As questing systems go, it's less elegant than Guild Wars 2's event system but a little more directed. That said, I miss the organic feel of events and the way they prevented the world from ever becoming static. In TESO there doesn't seem to be much of a reason to return to areas that you've already completed: your job as a player is to clean up the world, returning everything to a state of placid normalcy. That's not a particularly inspiring objective, but getting there is at least fairly entertaining.
If that sounds like chilly praise then it's because I'm still taking a while to fully warm to TESO. I'm enjoying it more, but I'm yet to get to the point where it comes alive or makes a strong statement about its own identity. It still feels very safe, and very slow.
The rate of leveling has really slowed down, too. It takes about the same amount of time to get from 8-10 as it did to get to level 8 in the first place. I'm never not doing quests or fighting monsters, so I'm not sure how to speed up my rate of advancement—if you can think of something I might have missed, let me know in the comments.
A side effect of this slow leveling is that my playstyle hasn't changed much since yesterday. I've shifted some skillpoints around, and picked up some damage-over-time attacks from the Dragonknight's Ardent Flame skill tree. I've also picked up a defensive shield block that allows me to reflect magic damage. I can see the way that late-game builds will require a balance stamina and magicka consumption in the selection of abilities, but I don't really have enough powers yet that this is a meaningful choice.
I'm also using pretty much the same gear as I was on Stros M'Kai, as I'm yet to find anything better. I take a break from questing to return to Daggerfall and experiment with crafting, which allows me to fill out the two remaining gaps in my armour—shoulders and helmet. The crafting system is very involved, and I like the way you can salvage junk gear for materials that you'd otherwise have to go mining for. I'm not a fan of roaming the wilderness looking for resource nodes, so having an alternative is welcome.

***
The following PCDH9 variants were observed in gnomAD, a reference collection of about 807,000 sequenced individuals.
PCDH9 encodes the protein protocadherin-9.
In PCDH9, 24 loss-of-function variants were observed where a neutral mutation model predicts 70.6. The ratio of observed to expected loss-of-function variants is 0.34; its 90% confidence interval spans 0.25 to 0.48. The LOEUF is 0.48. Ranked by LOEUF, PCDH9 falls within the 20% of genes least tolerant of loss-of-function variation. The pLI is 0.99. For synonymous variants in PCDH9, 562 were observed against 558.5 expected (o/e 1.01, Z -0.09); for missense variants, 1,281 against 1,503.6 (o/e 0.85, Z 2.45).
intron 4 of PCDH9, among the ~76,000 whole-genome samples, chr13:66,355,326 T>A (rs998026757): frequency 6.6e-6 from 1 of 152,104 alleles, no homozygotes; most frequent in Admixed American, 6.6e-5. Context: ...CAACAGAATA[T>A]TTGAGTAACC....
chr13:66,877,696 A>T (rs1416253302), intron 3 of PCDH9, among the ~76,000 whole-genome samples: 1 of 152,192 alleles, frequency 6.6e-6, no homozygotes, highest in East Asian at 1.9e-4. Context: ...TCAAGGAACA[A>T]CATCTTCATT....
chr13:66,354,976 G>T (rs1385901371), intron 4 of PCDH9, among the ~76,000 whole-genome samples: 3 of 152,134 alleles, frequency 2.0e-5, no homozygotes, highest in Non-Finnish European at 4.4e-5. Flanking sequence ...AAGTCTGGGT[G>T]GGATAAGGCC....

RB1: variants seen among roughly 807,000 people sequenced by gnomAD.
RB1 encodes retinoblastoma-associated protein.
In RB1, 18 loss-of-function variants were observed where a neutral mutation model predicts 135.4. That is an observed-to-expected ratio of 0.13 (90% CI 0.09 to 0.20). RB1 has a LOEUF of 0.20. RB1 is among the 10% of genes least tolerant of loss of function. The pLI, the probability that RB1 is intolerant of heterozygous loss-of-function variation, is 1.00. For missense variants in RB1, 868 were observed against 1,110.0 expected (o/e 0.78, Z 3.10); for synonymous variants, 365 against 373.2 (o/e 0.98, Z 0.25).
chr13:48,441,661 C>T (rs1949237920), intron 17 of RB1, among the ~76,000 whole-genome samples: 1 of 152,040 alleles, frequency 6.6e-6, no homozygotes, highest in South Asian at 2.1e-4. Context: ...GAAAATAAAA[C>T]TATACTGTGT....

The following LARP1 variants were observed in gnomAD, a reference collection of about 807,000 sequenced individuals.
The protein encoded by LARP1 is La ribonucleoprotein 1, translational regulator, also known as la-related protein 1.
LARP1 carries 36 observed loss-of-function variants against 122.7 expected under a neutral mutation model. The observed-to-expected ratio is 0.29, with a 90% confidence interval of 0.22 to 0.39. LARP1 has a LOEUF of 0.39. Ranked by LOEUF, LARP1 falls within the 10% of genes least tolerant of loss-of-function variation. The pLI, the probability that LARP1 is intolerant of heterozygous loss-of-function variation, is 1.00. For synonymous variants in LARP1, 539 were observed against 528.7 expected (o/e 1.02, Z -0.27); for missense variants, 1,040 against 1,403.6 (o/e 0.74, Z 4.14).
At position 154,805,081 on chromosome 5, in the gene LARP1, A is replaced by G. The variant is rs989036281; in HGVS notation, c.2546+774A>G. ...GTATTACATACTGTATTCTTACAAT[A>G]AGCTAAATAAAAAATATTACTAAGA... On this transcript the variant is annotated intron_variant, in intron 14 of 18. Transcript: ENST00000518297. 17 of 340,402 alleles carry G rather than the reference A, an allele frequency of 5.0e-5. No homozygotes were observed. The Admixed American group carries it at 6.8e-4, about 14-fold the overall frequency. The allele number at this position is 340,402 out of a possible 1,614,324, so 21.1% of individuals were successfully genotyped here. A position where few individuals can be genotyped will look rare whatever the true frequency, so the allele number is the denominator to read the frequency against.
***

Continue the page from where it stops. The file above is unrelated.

Eventually arriving back on the Fighter's Guild questline, I'm directed to kill a daedra in the basement of a ruined tower. This quest is tuned to my level but is vastly more difficult than I can handle. It's a boss encounter, of a sort—the daedra transforms into a serpent monster below a certain health threshold, and summons healing orbs to herself that can be destroyed on the way. I ask in zone chat to find out if anybody else is on the same quest line, but don't get a response. It's interesting that the game doesn't flag this quest as group content in any way: as it is, I've resolved to keep checking zone chat and, if I don't get a response, to go back when I'm a higher level.
I hit level 10 shortly after arriving in Aldcroft, which is a sizable town in its own right. I'm now able to teleport to Cyrodiil, the game's Realm vs. Realm area. I spent my teenage years playing Dark Age of Camelot, the game that pioneered this kind of three-way factional PvP. Given how many ex-Mythic developers worked on TESO—including Matt Firor, the game's director—I have high hopes for this mode.
I just wish I could get into it. I've been writing this update while sat in the Cyrodiil loading screen: about twenty minutes, now, and counting. Something's not right. Time to quit and try again.
First steps in PvP
I get into Cyrodiil on my second attempt, after Alt-F4ing out of the game client. It's night time when I arrive, and there aren't any other players around—but I can see from zone chat that the Daggerfall Convent is taking a beating, well, everywhere. I have clearly managed to locate the underdog faction on this particular campaign, which is heartening.
A note on campaigns: given that TESO uses a single 'megaserver' for its entire playerbase in a given region, it's necessary to divide players up for PvP. You select a campaign to join that then runs for 90 days, at the end of which the population is reshuffled once again. There seems to be plenty of options to guest on other people's campaigns, but I'm concerned that this time-based system will prevent realm-wide allegiances from forming. Some of my fondest gaming memories came from the bonds—and rivalries—that formed over the course of years in Dark Age of Camelot. I've got doubts about TESO's ability to replicate that.
After getting my bearings I complete a short series of tutorials that establish the basics of buying and using siege weapons, capturing Elder Scrolls—a faction-wide effort—and doing PvP quests. The latter catch my eye. There are a range of quests available for solo players and groups. Some are simple—kill 20 players—but I'm drawn to scouting quests, missions that send you into enemy territory to produce a report on a particular objective. I pick up one of these and prepare to head off across Cyrodiil into Aldmerri Dominion territory.